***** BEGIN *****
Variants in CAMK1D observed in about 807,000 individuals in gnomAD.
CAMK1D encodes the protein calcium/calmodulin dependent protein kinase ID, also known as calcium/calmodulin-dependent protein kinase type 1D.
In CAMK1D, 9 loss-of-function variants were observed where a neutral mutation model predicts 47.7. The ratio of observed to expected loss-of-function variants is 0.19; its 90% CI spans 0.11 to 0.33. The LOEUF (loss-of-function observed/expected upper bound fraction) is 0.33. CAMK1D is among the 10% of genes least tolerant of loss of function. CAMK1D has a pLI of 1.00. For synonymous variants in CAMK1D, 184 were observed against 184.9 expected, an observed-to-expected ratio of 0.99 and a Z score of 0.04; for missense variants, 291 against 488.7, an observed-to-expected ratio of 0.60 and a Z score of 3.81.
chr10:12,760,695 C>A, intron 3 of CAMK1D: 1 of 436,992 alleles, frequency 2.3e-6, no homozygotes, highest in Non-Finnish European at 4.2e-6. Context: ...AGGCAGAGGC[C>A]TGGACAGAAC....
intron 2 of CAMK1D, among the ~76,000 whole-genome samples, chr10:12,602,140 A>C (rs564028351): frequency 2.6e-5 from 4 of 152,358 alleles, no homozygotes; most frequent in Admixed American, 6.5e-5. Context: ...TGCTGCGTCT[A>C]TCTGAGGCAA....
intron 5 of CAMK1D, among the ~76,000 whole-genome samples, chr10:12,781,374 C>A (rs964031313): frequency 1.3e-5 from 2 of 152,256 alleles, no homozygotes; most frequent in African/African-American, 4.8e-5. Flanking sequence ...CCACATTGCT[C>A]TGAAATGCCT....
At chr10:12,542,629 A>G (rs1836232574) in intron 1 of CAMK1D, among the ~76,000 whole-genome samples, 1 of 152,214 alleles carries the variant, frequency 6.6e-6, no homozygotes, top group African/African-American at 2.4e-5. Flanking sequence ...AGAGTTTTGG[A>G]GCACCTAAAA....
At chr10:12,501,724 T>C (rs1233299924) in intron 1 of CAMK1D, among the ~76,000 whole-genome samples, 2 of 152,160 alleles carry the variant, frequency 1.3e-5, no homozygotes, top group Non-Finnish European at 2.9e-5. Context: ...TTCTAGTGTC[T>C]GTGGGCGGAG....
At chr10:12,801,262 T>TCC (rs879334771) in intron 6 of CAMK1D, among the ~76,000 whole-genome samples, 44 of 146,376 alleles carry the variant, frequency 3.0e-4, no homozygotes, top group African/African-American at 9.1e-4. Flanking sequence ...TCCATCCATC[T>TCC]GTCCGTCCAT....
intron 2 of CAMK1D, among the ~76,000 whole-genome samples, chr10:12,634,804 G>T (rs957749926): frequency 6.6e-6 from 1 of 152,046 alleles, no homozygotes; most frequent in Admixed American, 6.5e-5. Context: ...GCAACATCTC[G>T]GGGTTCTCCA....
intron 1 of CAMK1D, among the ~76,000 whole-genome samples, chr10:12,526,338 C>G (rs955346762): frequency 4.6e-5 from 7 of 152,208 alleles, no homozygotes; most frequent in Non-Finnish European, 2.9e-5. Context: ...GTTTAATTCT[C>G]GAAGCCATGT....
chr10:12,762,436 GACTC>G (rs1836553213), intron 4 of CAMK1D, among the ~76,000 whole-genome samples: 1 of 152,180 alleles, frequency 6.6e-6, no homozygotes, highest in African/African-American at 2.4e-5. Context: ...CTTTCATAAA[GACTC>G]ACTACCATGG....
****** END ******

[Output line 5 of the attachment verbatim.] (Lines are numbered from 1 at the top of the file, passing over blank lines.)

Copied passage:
intron 2 of CAMK1D, among the ~76,000 whole-genome samples, chr10:12,602,140 A>C (rs564028351): frequency 2.6e-5 from 4 of 152,358 alleles, no homozygotes; most frequent in Admixed American, 6.5e-5. Context: ...TGCTGCGTCT[A>C]TCTGAGGCAA....